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Forisk’s 2020 Survey of Private Forest Management in the U.S. South

This is the fourth in a series related to the Q2 2020 Forisk Research Quarterly (FRQ) which includes forest industry analysis and timber price forecasts for North America.

Forisk surveys private timberland owners and managers in the U.S. South every two years to summarize forest management trends and common silviculture practices. The 2020 survey is our fifth survey of southern timberland and represents one of the largest datasets available on forest management practices.  In total, 35 firms accounting for 28.3 million timberland acres in the U.S. South participated. Respondents provided separate responses for each of four geographic regions of the South, based roughly on physiographic provinces (Figure).

Figure. Survey Regions for 2020 Silviculture Survey


Key findings from the 2020 study include:

  • Chemical site preparation was deployed on 61% of acres in 2019, by far the most common method. Mechanical site prep methods were second most common, comprising single and double bedding, used almost exclusively in the Coastal Plain, and other mechanical treatments.
  • Second generation loblolly pine seedlings remain the most common seedling type planted in 2019, though combined acres of more advanced loblolly genetics, including both control mass pollinated (CMP) seedlings and 3rd generation loblolly, covered slightly more area.
  • Nearly 60% of managed acres across the South receive a fertilization treatment at some point in their rotation, with fertilized acres averaging 1.5 applications per rotation.
  • Acres in the Lower Coastal Plain required more intensive silviculture, with over 40% greater silviculture expenditures per acre per year than the South-wide average.
  • The average clearcut age of stands in 2019 was 29 years. Respondents report using a two-thinning regime on 39% of acres under management.


As the forest industry faces economic turmoil and uncertainty, the results from this survey affirm the continued commitment and interest in active forest management, optimizing investment returns, and the application of new technologies as they become available. Large landowners and forest managers are achieving strong yields across the South through targeted management regimes employing improved genetic stock, competition control and fertilization.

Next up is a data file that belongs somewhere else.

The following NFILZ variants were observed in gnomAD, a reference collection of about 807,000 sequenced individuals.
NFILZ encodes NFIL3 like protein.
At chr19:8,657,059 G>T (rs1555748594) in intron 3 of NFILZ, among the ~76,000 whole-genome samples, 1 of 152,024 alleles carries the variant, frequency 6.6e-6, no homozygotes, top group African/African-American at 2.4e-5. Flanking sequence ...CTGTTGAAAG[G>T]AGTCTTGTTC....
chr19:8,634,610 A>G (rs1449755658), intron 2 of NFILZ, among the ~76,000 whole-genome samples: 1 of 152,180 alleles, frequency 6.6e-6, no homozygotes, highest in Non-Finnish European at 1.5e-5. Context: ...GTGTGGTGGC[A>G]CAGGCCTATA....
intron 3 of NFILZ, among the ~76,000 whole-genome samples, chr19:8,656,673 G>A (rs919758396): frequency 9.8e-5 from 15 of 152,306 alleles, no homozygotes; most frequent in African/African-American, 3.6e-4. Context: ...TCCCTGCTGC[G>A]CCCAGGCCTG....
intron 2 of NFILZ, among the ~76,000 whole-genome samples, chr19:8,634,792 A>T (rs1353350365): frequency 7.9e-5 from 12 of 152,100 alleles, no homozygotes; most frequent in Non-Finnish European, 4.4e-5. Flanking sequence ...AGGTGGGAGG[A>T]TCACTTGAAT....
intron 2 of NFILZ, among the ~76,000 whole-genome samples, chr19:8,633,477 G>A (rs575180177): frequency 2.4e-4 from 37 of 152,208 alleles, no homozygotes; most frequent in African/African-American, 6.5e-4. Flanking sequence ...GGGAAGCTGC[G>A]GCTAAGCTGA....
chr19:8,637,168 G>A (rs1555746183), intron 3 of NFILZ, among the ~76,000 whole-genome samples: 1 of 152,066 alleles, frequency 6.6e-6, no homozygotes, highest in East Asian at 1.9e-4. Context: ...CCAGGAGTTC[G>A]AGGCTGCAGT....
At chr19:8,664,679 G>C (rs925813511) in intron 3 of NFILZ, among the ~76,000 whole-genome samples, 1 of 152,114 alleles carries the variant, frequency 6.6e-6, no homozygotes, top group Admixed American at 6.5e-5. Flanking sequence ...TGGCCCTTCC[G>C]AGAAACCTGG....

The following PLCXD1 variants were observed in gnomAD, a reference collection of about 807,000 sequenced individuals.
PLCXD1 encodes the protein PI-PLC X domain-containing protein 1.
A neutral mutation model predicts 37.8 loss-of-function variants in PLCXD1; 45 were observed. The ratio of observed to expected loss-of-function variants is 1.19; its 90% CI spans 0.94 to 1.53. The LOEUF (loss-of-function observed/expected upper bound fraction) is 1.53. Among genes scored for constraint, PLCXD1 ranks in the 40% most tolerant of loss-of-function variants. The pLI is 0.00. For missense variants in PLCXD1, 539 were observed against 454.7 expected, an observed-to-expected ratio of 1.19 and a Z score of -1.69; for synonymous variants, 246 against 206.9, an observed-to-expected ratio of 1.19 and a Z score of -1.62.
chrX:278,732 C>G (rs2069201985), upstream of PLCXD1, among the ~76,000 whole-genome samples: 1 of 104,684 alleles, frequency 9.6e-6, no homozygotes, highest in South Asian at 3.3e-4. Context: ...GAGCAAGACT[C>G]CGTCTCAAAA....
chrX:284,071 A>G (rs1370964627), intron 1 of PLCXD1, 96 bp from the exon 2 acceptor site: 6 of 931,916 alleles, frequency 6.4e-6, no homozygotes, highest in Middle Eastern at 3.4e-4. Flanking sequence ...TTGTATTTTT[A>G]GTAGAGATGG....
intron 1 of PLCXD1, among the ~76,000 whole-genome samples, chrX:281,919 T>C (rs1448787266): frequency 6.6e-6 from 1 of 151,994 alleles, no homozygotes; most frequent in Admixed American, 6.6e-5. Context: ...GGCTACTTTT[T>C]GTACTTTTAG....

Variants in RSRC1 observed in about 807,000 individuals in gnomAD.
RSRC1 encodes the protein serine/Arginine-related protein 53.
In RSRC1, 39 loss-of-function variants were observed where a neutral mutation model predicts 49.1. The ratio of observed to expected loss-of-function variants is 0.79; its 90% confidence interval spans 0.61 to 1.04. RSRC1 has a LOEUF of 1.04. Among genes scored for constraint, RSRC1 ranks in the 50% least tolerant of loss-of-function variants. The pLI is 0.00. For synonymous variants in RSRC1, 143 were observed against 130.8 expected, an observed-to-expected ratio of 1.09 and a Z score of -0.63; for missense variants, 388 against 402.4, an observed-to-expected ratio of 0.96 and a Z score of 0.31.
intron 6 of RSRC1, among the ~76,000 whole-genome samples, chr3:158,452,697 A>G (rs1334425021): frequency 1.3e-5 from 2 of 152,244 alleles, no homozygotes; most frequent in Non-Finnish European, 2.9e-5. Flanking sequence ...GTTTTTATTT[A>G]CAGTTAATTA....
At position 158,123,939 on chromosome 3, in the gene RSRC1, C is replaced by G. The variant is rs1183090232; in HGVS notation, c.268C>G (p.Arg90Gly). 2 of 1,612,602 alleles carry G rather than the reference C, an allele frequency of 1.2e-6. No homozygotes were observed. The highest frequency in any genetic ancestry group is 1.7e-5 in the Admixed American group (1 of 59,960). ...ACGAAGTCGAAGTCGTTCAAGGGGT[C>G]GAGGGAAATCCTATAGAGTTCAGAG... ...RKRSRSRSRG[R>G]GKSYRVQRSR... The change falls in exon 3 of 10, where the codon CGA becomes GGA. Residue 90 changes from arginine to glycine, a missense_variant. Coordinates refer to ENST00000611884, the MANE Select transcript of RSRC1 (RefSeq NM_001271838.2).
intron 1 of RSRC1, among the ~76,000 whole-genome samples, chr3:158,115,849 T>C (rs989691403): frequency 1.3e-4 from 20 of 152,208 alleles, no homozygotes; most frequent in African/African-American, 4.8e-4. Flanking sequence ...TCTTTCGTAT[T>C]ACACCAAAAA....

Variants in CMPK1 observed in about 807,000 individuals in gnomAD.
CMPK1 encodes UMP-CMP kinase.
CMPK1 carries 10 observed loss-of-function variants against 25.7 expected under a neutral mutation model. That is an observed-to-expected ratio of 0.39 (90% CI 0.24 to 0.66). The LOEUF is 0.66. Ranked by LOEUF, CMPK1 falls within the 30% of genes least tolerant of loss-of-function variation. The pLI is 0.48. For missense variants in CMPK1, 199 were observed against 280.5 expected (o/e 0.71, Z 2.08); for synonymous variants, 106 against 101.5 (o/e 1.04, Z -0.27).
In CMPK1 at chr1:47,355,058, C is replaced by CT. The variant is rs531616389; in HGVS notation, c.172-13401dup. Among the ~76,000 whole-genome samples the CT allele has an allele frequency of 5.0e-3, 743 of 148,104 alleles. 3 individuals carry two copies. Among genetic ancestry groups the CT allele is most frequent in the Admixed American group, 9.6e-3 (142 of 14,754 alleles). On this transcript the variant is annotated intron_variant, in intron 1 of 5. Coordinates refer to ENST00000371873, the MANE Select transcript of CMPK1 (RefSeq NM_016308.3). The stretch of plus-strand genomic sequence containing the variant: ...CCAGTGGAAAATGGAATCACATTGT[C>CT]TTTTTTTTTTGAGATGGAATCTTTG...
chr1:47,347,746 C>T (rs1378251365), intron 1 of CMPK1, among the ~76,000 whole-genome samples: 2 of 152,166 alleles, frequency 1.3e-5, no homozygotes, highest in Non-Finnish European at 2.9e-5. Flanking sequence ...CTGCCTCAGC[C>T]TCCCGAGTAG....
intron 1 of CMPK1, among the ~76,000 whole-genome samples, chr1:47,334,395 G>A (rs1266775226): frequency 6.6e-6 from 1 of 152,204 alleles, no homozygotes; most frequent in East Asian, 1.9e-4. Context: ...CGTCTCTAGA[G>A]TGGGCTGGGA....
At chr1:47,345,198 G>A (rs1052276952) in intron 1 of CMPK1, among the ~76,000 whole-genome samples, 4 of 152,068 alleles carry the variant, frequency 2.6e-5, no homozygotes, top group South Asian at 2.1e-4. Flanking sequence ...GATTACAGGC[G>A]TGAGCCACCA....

Forisk thanks all firms for their participation in the survey. A detailed overview of results is provided in the Q2 2020 Forisk Research Quarterly (FRQ) and will be available through the Forisk website. Additional details, including breakdowns by firm type and firm size as well as detailed costs and revenues, will be provided to survey participants.

Comments (2)

  1. Ervin Bielmyer / Reply

    The area of Southside Virginia is dominated by one company owning 3 paper mills that consume the majority of the pine pulpwood. With the price of pine pulpwood stumpage being pushed down, at what point will the timberland owners spend less money on good reforestation and timber management?

    • Shawn Baker / Reply

      Ervin, It is a good question and part of the value of these surveys. We have seen no real step back in forest management investment from the largest landowners. While our survey captures a number of the large forest management consultants, we don’t focus specifically on the smaller, private landowners to know how their objectives are changing. Most of the acres we survey are targeting sawtimber-length rotations, so sawtimber prices end up being a major driver for decision making. They’ve been low for over a decade, but we still see strong investment. – Shawn

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